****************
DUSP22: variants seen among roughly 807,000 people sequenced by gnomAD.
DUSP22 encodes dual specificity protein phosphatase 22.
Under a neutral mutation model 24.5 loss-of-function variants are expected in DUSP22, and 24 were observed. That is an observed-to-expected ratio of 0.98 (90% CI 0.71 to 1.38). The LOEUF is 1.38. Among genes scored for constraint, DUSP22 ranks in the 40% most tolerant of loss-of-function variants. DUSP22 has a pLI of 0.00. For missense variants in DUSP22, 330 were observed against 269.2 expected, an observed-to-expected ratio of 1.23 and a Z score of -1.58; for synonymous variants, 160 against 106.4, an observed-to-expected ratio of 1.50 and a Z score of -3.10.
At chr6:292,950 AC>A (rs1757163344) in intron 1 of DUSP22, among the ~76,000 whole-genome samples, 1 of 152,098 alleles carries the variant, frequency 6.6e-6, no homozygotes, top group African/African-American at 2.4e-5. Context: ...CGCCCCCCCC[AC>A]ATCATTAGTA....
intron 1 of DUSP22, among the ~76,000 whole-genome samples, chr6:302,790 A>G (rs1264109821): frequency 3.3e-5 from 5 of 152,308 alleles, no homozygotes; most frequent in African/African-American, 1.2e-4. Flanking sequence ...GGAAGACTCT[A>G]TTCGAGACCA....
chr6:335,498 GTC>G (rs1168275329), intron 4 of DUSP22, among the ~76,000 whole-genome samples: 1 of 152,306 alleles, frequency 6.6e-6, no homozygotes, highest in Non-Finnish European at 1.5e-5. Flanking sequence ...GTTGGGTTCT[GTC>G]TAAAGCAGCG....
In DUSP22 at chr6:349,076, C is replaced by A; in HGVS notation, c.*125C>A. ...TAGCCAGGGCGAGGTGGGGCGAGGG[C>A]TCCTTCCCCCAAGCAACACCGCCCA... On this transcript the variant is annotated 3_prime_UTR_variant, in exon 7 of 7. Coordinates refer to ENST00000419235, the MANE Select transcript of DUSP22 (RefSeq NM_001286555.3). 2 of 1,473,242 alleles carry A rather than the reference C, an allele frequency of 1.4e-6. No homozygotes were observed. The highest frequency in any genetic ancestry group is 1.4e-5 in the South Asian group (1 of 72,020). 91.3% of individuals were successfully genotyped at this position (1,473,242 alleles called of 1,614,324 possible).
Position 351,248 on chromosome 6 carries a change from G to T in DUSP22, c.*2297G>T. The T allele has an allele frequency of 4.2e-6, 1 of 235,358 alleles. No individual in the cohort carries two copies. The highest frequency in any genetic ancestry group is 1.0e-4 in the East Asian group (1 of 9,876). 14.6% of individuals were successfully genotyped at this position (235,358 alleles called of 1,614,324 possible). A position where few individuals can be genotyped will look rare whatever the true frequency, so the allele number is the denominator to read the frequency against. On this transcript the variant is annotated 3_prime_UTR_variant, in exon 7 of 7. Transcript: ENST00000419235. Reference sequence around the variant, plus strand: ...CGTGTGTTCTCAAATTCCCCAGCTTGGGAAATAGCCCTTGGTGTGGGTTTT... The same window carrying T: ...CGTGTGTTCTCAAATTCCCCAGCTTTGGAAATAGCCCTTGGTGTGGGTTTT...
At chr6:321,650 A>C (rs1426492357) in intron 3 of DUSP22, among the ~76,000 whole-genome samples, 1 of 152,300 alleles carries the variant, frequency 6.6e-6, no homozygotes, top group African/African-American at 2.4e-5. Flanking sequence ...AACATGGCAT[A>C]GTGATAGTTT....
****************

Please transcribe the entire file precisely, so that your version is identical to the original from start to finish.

DUSP22: variants seen among roughly 807,000 people sequenced by gnomAD.
DUSP22 encodes dual specificity protein phosphatase 22.
Under a neutral mutation model 24.5 loss-of-function variants are expected in DUSP22, and 24 were observed. That is an observed-to-expected ratio of 0.98 (90% CI 0.71 to 1.38). The LOEUF is 1.38. Among genes scored for constraint, DUSP22 ranks in the 40% most tolerant of loss-of-function variants. DUSP22 has a pLI of 0.00. For missense variants in DUSP22, 330 were observed against 269.2 expected, an observed-to-expected ratio of 1.23 and a Z score of -1.58; for synonymous variants, 160 against 106.4, an observed-to-expected ratio of 1.50 and a Z score of -3.10.
At chr6:292,950 AC>A (rs1757163344) in intron 1 of DUSP22, among the ~76,000 whole-genome samples, 1 of 152,098 alleles carries the variant, frequency 6.6e-6, no homozygotes, top group African/African-American at 2.4e-5. Context: ...CGCCCCCCCC[AC>A]ATCATTAGTA....
intron 1 of DUSP22, among the ~76,000 whole-genome samples, chr6:302,790 A>G (rs1264109821): frequency 3.3e-5 from 5 of 152,308 alleles, no homozygotes; most frequent in African/African-American, 1.2e-4. Flanking sequence ...GGAAGACTCT[A>G]TTCGAGACCA....
chr6:335,498 GTC>G (rs1168275329), intron 4 of DUSP22, among the ~76,000 whole-genome samples: 1 of 152,306 alleles, frequency 6.6e-6, no homozygotes, highest in Non-Finnish European at 1.5e-5. Flanking sequence ...GTTGGGTTCT[GTC>G]TAAAGCAGCG....
In DUSP22 at chr6:349,076, C is replaced by A; in HGVS notation, c.*125C>A. ...TAGCCAGGGCGAGGTGGGGCGAGGG[C>A]TCCTTCCCCCAAGCAACACCGCCCA... On this transcript the variant is annotated 3_prime_UTR_variant, in exon 7 of 7. Coordinates refer to ENST00000419235, the MANE Select transcript of DUSP22 (RefSeq NM_001286555.3). 2 of 1,473,242 alleles carry A rather than the reference C, an allele frequency of 1.4e-6. No homozygotes were observed. The highest frequency in any genetic ancestry group is 1.4e-5 in the South Asian group (1 of 72,020). 91.3% of individuals were successfully genotyped at this position (1,473,242 alleles called of 1,614,324 possible).
Position 351,248 on chromosome 6 carries a change from G to T in DUSP22, c.*2297G>T. The T allele has an allele frequency of 4.2e-6, 1 of 235,358 alleles. No individual in the cohort carries two copies. The highest frequency in any genetic ancestry group is 1.0e-4 in the East Asian group (1 of 9,876). 14.6% of individuals were successfully genotyped at this position (235,358 alleles called of 1,614,324 possible). A position where few individuals can be genotyped will look rare whatever the true frequency, so the allele number is the denominator to read the frequency against. On this transcript the variant is annotated 3_prime_UTR_variant, in exon 7 of 7. Transcript: ENST00000419235. Reference sequence around the variant, plus strand: ...CGTGTGTTCTCAAATTCCCCAGCTTGGGAAATAGCCCTTGGTGTGGGTTTT... The same window carrying T: ...CGTGTGTTCTCAAATTCCCCAGCTTTGGAAATAGCCCTTGGTGTGGGTTTT...
At chr6:321,650 A>C (rs1426492357) in intron 3 of DUSP22, among the ~76,000 whole-genome samples, 1 of 152,300 alleles carries the variant, frequency 6.6e-6, no homozygotes, top group African/African-American at 2.4e-5. Flanking sequence ...AACATGGCAT[A>C]GTGATAGTTT....